Editor's NoteMany Christians believe that miracles are inspired by God. In recent times however there’s been concern about the extent people go to get miracles amid suspicions that not all these interventions are from God. But when are miracles true and genuine and when are they charades? Seth Kwame Boateng explores these in his documentary Miracle or Charade.
Three-year-old Maame Konama Duodu looks extremely excited as she sings and plays with her mates in church.
Maame Konama has realized my attention is on her so she has withdrawn a bit, only looking on as her colleagues continue their interactions with me.
Patience Duodu, mother of the little girl says doctors diagnosed her daughter with hole-in-heart when she was only three weeks old. Her joy of having her second child vanished as soon as she was confronted with the shocking news.
Thoughts of how this happened to her child made the woman weep and wail. These were sad moments for Patience.
Suddenly, it struck her an intervention from God could seal the hole in the heart of her baby. Patience prayed and cried to God to fix the heart of her daughter.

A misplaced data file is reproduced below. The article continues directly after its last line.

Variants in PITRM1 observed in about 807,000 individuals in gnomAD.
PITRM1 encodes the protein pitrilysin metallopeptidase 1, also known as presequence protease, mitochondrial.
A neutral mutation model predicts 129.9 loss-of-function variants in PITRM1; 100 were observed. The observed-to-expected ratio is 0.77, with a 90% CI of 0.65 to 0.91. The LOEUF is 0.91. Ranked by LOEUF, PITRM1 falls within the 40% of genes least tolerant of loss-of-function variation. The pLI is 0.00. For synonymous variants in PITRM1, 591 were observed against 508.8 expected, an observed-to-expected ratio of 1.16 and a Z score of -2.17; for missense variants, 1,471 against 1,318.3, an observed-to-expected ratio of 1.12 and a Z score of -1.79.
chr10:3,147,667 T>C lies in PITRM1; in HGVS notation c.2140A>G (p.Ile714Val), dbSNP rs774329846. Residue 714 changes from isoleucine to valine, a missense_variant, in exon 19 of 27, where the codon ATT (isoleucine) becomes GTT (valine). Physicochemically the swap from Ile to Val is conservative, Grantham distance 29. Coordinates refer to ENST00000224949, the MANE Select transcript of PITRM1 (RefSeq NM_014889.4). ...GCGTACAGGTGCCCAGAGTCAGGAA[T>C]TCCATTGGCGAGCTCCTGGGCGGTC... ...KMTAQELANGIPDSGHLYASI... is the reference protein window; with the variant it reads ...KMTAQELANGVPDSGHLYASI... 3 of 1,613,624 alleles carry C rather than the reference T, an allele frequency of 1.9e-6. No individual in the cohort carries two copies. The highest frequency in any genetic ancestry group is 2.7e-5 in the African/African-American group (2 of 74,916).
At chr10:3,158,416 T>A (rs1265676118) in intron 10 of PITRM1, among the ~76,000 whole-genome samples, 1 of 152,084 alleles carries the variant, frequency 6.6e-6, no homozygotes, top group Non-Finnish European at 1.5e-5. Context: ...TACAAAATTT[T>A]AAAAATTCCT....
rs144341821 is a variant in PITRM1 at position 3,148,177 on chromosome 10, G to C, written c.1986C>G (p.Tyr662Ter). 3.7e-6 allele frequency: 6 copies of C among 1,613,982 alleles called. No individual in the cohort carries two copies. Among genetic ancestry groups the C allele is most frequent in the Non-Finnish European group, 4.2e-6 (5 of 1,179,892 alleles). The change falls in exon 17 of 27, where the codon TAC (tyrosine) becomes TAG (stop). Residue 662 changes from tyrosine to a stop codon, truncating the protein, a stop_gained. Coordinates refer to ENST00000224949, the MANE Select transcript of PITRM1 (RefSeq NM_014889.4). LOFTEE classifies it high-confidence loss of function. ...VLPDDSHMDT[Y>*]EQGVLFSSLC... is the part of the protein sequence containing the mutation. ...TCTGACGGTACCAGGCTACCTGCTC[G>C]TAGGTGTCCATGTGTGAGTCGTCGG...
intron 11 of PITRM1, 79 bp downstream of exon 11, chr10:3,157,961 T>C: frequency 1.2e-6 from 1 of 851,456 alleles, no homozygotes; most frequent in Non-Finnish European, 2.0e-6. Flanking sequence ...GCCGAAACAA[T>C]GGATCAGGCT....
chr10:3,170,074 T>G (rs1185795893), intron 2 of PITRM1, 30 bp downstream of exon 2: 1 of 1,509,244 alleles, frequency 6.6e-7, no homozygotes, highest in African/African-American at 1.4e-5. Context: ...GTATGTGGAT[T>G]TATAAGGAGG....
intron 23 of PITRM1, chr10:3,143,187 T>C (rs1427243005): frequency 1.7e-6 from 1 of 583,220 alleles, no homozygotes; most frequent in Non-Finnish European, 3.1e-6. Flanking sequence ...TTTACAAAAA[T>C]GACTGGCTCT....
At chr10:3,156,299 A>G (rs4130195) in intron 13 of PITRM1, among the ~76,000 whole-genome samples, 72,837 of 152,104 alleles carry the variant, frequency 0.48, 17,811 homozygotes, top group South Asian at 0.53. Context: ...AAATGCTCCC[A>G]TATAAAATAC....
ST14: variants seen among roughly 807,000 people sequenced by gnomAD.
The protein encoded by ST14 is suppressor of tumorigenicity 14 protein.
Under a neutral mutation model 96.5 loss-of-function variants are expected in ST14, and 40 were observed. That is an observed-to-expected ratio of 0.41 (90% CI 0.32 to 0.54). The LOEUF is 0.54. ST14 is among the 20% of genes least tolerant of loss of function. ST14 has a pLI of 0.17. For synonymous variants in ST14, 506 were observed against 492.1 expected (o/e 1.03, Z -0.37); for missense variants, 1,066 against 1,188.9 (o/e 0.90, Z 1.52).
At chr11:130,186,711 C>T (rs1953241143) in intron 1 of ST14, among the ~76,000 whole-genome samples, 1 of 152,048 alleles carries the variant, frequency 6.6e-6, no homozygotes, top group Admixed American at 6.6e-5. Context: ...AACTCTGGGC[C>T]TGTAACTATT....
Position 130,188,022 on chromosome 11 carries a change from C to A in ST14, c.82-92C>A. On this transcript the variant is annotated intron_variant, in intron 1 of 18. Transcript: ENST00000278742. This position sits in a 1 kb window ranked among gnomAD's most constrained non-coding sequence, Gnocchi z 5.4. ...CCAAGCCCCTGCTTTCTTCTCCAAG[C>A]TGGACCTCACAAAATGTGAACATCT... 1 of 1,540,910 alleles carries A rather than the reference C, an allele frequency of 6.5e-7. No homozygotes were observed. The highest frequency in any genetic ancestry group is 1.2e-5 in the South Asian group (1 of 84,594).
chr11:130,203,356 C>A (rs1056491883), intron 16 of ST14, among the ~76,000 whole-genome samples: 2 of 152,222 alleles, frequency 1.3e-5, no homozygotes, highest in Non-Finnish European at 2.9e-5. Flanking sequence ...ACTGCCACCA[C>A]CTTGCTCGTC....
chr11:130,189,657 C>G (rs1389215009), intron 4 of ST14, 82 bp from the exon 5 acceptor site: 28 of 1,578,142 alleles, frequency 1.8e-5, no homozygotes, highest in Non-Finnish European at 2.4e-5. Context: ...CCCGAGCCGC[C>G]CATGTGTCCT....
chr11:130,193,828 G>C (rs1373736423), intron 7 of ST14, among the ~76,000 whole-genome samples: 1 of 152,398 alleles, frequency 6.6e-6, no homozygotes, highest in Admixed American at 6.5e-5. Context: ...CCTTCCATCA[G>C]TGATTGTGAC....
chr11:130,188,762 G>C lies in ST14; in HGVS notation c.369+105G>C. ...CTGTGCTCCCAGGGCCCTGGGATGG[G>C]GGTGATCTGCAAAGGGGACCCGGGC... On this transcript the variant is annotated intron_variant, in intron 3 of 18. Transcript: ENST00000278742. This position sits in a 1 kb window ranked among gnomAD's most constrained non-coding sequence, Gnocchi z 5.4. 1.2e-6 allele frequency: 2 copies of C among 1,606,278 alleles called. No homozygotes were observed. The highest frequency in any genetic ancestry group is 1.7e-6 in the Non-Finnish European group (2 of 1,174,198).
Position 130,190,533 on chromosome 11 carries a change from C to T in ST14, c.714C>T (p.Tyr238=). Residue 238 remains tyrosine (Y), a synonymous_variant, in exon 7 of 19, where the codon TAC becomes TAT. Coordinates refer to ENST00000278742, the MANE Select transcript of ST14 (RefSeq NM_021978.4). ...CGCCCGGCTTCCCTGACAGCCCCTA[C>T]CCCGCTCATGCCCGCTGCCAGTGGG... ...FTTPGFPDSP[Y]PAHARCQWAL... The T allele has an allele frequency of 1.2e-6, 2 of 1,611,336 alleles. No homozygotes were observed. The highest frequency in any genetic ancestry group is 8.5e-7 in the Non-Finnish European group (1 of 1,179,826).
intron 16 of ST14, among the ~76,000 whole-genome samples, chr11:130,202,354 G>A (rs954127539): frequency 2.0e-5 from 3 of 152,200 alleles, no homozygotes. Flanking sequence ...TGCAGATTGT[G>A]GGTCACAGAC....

Mrs Duodu's story is not any different from that of the Abekas. Mr and Mrs Abeka, for example, share how a last-minute intervention from God saved them from losing their unborn baby. The woman was diagnosed with appendicitis while pregnant and was due to be operated upon.
Such a surgery would be delicate considering the fact that Mrs Abeka was pregnant. Any complication could result in the death of both mother and foetus or at least one of them. The couple decided to seek the face of God.
But after a prayer with her pastor, Mrs Abeka was well again and doctors marveled at her recovery.
These may be true tales of how God intervenes in the difficult situations of people.
There's however concern about how some men of God are taking advantage of vulnerable congregants to make money through fake miracles.
That's the focus of the second part of this documentary.